Use of Winter Cover Crops and Summer Soil Solarization in Sustainable Vegetable Production Systems
Few farmers have adopted cover crop and soil solarization practices in southern Louisiana and other parts of the deep South. This may be, in part, because many of these small-scale growers have not actually seen these practices put to use nor observed the results that they can produce. This project will enable farmers to actually observe the results of using cover crops and soil solarization in on-farm situations
In this project, three small-scale vegetable farmers will establish research/demonstration plots on their respective farms utilizing winter cover crops and soil solarization. Two experiments will be established on the farms of each of the three cooperating farmers, one of which is an organic farm.
This project is important because small scale vegetable producers in southern Louisiana and other parts of the deep South can produce vegetables practically all year. Because of this, many producers have winter and summer vegetables growing and, as a result, fail to use winter cover/green manure crops which can serve as soil builders, nitrogen suppliers, and possible suppressants of weed species. Winter cover crops also serve as refuges for beneficial insects, thus reducing the need for insecticides.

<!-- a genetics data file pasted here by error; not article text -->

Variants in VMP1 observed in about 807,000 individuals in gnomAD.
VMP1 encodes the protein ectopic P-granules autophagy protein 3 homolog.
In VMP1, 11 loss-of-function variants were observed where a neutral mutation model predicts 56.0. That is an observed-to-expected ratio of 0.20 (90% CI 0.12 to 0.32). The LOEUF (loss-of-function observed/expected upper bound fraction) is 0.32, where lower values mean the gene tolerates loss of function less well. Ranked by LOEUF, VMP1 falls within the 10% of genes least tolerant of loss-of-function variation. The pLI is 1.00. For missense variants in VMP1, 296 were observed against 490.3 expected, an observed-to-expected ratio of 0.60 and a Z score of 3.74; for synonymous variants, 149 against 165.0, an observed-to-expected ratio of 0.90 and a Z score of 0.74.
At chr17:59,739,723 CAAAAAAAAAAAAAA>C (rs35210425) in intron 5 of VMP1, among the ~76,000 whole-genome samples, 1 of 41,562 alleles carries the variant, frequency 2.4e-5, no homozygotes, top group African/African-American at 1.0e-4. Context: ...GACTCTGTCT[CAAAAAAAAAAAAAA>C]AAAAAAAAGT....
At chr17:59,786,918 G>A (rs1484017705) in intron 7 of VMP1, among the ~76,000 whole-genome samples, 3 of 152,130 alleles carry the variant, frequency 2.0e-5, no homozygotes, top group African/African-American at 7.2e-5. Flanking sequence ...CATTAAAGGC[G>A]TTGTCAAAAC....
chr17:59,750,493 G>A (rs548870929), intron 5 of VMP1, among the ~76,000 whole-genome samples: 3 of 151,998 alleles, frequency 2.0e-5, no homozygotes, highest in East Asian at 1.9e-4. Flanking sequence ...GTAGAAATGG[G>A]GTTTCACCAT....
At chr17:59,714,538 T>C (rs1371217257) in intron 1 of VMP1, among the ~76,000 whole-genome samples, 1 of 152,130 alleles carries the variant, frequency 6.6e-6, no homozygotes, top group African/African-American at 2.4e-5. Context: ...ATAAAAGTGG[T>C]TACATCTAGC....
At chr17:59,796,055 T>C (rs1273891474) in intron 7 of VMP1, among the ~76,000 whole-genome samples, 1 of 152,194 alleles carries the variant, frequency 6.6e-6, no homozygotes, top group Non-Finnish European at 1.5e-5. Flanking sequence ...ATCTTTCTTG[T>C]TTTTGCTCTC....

Soil solarization is another strategy for pest management which can be utilized by small-scale growers in the South. Soil solarization could significantly reduce weed pressure in succeeding crops, an important development since weeds are often the most serious pests in small scale vegetable operations. Soil solarization also has been found to reduce the severity of outbreaks by plant pathogens, and could reduce the presence of soil borne insects.
Southern University and A&M College